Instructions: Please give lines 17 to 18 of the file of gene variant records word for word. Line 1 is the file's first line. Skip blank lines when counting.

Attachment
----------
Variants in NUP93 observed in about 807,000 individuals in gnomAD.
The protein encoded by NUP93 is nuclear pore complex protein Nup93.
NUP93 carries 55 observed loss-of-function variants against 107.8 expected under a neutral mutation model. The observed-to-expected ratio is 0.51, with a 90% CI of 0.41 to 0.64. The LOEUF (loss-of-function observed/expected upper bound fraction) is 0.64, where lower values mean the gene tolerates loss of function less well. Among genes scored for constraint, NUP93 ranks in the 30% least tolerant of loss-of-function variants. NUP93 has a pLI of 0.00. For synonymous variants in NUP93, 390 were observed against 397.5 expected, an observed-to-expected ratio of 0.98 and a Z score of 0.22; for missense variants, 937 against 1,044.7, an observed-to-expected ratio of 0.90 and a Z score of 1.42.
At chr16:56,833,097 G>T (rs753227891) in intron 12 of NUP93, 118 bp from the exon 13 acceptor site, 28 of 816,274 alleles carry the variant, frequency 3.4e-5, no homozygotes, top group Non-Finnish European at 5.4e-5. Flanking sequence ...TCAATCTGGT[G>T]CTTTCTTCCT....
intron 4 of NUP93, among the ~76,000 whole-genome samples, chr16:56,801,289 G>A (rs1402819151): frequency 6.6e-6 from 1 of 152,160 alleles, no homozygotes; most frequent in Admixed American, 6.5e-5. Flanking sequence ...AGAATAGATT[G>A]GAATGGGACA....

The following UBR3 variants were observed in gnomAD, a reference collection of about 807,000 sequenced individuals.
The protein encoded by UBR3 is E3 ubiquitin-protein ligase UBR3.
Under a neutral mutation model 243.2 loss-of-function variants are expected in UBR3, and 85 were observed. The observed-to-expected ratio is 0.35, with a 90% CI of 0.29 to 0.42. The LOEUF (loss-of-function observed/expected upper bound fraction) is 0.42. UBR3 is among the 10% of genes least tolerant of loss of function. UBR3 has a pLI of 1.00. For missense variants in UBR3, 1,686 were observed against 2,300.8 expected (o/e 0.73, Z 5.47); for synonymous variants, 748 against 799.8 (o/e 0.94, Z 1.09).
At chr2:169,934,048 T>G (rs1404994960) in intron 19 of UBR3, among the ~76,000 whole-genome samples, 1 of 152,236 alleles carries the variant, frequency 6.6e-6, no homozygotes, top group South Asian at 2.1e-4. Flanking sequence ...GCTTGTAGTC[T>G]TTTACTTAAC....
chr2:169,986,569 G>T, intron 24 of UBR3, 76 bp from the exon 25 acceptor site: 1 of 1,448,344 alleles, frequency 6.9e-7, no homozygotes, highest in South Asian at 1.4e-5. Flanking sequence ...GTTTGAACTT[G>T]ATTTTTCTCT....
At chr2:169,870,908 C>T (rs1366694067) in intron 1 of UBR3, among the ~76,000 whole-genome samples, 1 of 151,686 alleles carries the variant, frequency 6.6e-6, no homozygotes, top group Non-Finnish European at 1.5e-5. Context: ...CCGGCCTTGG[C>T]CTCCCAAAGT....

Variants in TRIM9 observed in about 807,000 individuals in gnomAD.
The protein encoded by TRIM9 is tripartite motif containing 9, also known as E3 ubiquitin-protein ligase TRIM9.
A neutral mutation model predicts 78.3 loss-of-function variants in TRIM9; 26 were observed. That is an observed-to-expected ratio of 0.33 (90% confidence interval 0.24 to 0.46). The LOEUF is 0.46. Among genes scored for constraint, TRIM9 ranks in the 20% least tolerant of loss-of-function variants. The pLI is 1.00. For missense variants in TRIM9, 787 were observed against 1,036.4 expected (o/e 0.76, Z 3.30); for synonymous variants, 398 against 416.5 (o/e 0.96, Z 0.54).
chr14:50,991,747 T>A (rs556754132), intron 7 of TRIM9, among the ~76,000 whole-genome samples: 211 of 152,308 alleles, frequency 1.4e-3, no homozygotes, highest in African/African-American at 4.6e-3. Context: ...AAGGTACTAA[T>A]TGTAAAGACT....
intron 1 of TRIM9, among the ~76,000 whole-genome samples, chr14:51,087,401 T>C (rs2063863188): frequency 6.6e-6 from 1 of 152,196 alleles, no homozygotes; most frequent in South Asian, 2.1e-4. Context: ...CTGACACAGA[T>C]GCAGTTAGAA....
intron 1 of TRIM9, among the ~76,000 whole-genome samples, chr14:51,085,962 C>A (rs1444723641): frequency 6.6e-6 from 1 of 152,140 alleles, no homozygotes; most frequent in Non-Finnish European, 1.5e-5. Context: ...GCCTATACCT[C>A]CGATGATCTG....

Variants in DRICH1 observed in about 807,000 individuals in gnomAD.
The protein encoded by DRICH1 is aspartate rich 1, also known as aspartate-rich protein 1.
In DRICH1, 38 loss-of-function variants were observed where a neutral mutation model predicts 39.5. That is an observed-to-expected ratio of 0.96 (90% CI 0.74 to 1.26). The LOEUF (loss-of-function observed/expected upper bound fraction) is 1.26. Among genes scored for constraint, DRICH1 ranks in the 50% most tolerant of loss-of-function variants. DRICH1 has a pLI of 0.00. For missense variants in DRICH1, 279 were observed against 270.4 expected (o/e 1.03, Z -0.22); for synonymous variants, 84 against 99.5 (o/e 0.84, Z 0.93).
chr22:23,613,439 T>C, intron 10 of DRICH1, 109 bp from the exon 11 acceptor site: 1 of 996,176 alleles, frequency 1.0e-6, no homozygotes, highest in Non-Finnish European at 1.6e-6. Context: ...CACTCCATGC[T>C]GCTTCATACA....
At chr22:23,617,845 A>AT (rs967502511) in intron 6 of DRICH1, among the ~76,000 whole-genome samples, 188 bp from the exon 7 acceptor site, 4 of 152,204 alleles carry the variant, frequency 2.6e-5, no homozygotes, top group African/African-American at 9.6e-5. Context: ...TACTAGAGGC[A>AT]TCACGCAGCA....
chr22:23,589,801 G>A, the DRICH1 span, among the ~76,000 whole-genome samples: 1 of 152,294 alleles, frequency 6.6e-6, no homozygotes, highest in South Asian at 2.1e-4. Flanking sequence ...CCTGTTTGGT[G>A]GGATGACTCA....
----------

intron 1 of TRIM9, among the ~76,000 whole-genome samples, chr14:51,085,962 C>A (rs1444723641): frequency 6.6e-6 from 1 of 152,140 alleles, no homozygotes; most frequent in Non-Finnish European, 1.5e-5. Context: ...GCCTATACCT[C>A]CGATGATCTG....

Variants in DRICH1 observed in about 807,000 individuals in gnomAD.